Patience with Ever Possible Healing and Growth

Many themes have emerged in the last few weeks, and some of these might be given further reflection: wounds and healing; authenticity and belonging; the residue and continuing impact of previous painful experiences; the awareness and experience of our deepest and layered feelings; the difference between acknowledging and naming our feelings within ourselves, and inflicting them on others; the importance of finding a safe place in our own heart, or the heart of a trusted other for our dawning awareness; and beneath and encompassing all these dimensions, the ever-challenged conviction of the enduring sacredness of each of us and of all that is. Related themes that are worth exploring are those of fear and forgiveness, which may be approached in new ways.

In speaking of addiction, Gabor Mate writes: “At the core of every addiction is an emptiness based on abject fear.” He elaborates that this fear involves a dread of the present moment and an attempt to run from the burden of the past and the fear of the future. This predicament can result from a lack of tangibly felt caring in childhood or beyond. I have previously spoken of forgiveness as freeing someone–perhaps especially ourselves–from the burden of the past and the dread of the future, so that we may live fully and creatively in the present.

Many years ago I came across similar words from Jena Vanier in an early writing of his, says that a person who has never known a close true relationship with another “cannot live in harmony with others, looking peacefully at the universe, loving generosity and an ideal and all that is beautiful.” He will be anguished and frustrated, because “the core of his or her being has not been structured by the presence of someone who said, ‘You are precious to me. You are mysterious to me. I love you.’”

Yet all these authors maintain that this painful situation is not necessarily a permanent prison. Our deepest tendency and longing for authenticity, caring, and hope, flowing from a sense of worth, always remain and can emerge at any time in a person’s life. In the word of Mate, “compassionate self-inquiry,” a kindness towards ourselves, in solitude and through the genuine caring of others, can provide a foundation for healing and growth.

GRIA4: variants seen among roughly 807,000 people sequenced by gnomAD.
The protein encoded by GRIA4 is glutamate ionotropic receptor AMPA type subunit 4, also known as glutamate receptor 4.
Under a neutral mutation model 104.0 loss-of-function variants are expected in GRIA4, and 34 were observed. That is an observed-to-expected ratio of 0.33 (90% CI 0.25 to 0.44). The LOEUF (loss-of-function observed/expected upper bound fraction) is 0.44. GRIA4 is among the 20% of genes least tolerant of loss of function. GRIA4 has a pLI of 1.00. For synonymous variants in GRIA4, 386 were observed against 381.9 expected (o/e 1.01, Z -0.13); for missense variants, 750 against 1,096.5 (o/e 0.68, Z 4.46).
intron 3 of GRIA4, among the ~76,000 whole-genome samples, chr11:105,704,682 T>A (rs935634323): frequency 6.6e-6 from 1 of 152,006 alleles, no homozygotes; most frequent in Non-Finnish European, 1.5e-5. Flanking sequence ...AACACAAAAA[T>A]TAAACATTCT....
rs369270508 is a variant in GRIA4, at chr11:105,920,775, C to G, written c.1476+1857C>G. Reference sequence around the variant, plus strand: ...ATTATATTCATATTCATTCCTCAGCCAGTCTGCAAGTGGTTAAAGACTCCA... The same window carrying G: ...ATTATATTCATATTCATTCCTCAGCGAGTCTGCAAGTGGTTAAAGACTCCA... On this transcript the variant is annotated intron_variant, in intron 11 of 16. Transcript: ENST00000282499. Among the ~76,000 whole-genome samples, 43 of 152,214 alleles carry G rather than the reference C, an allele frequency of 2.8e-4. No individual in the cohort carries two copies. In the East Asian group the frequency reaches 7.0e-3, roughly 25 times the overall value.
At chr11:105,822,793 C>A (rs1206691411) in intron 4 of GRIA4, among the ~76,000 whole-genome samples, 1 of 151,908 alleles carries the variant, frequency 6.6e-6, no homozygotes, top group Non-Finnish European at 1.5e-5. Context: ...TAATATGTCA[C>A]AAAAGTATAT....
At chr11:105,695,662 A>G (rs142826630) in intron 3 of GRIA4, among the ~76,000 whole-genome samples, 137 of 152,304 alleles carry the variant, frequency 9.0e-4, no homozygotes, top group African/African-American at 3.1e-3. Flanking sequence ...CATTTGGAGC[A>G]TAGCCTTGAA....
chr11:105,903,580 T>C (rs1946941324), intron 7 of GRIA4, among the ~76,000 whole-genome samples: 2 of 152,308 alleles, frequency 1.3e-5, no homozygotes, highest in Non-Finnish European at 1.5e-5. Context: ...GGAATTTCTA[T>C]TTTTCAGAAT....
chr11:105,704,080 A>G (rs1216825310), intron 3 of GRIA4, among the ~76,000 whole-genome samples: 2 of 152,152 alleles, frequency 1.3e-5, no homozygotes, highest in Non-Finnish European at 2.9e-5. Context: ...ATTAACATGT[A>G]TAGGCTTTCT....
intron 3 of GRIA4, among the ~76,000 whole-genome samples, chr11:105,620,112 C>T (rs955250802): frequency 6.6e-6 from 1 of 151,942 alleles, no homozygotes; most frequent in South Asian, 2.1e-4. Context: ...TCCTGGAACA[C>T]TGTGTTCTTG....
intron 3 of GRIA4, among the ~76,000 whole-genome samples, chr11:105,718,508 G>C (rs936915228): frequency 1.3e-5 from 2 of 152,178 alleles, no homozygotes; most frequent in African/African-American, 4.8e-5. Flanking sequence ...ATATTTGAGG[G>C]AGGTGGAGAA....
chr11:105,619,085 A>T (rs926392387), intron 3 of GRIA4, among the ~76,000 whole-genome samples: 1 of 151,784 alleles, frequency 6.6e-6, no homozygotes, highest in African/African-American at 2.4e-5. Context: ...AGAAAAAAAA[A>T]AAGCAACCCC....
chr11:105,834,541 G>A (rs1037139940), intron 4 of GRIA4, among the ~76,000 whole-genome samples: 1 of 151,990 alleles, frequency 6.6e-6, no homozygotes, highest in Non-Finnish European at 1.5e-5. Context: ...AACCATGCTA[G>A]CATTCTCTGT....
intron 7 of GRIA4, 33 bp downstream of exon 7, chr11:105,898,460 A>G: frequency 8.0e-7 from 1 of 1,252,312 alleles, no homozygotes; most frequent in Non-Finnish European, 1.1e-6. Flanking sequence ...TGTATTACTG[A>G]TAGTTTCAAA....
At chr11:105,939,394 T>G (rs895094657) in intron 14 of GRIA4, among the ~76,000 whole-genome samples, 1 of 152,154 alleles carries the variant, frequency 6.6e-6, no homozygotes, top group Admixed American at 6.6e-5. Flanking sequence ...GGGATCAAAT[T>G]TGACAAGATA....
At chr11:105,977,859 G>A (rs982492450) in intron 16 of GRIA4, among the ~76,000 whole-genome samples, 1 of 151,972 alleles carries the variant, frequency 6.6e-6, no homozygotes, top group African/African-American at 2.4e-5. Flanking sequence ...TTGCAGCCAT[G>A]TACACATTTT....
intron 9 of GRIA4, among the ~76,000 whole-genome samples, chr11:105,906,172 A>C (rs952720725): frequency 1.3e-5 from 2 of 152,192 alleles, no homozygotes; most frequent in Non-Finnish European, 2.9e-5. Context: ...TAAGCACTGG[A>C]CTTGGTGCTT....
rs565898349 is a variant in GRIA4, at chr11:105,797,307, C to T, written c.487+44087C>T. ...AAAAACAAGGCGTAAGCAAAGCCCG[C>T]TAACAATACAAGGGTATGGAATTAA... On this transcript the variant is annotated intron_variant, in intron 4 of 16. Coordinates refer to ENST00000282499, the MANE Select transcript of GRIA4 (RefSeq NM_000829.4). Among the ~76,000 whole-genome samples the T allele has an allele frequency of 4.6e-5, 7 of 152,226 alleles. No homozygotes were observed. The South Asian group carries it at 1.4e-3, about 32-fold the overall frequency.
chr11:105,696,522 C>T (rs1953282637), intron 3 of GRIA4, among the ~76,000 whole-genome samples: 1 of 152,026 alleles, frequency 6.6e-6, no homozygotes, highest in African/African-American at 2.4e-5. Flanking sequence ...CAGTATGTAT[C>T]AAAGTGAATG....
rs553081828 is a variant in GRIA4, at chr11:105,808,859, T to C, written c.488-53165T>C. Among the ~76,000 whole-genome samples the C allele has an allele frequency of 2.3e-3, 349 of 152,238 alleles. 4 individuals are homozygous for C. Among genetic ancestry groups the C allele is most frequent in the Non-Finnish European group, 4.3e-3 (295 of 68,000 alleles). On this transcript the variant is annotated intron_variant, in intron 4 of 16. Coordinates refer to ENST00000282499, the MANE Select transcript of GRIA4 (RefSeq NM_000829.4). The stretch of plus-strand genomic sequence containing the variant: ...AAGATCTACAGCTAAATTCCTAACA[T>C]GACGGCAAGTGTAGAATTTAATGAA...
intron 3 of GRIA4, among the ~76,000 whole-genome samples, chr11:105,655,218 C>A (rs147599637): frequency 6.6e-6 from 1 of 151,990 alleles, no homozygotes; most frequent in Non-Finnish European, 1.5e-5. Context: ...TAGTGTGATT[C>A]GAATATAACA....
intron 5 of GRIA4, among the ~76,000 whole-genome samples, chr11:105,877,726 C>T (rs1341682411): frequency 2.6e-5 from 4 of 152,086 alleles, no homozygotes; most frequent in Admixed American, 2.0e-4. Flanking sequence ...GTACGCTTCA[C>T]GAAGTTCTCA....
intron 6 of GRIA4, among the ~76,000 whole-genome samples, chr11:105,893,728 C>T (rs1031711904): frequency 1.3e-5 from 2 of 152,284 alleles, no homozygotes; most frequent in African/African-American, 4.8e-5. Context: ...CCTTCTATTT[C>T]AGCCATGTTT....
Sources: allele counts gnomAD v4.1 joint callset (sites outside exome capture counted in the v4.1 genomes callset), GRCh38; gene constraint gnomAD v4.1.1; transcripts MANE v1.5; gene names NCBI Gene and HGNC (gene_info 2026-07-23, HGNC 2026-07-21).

One author who speaks profoundly of solitude and love is Rainer Maria Rilke, whom we have often quoted. He speaks of living our questions over a longer period of time rather than settling for instant answers that do not really satisfy. Perhaps we can also speak of discovering or uncovering our deepest longing, which may sometimes be obscured by settling for a “quick fix.”

One path to this uncovering is solitude, which can at first seem daunting but gradually becomes a persistent need. Rilke advises us to go into that deep place within from which our life flows. A few further thoughts of Rilke may be valuable here. He says that we are made of longing, and that to be with our our more painful experiences may accomplish considerable growth in us. He calls us to “trust the great and indelible solitude” at work in us. “ Love your solitude,” he writes, “and bear the pain of it without self-pity, … [and] be glad that you are growing,” This solitude is also inseparable from compassion for others and for meaningful relationships. “Love life in the form that is not your own, and be kind to all the people who are afraid of their aloneness.” “More authentic love [is] the love which consists of two solitudes which border, protect, and greet each other.” Elsewhere he adds: “Friends can be compared to dance and music. … Friends must be the ends and not the means.”

In other words, solitude (understood as being quietly open to our inner depths), compassion for ourselves and extending to others, and authentic love relationships are inseparable. But this is a slowly growing, always incomplete, process, with many setbacks, disappointments, and even regrets. These call for gentle patience with ourselves. Our sacred worth is a gift that can never be lost, that goes with our very existence, and is not dependent on any “success.”

What so many authors seem to stress is the need to allow ourselves to be in touch with and feel all our feelings, both those that are joyful and those that are sorrowful. The challenge then is to acknowledge them rather than wrestle with them, to notice them but let then be. It is important too to be able to name then, to find images and words that tell truthfully what they are. Here we may be helped by exposure to story, film, painting, and other works of art that give true voice to what is within us. Then we may decide whether or not to express them, and how to do so; whether to do so to ourselves alone, to entrust them to a friend, or to give some them some more public form, as do people like Rilke and Nouwen. Such expression, I believe, should always be done with awareness and consideration. It should never be just an unconscious unleashing, that may readily hurt ourselves and others. In Mate’s words, they flow best from compassionate self-inquiry.

May you always experience your worth and your hope as deeper than and encompassing of all your sorrows. And may you find others who can share in some way in your own journey towards healing and wholeness.

Norman King, July 04, 2021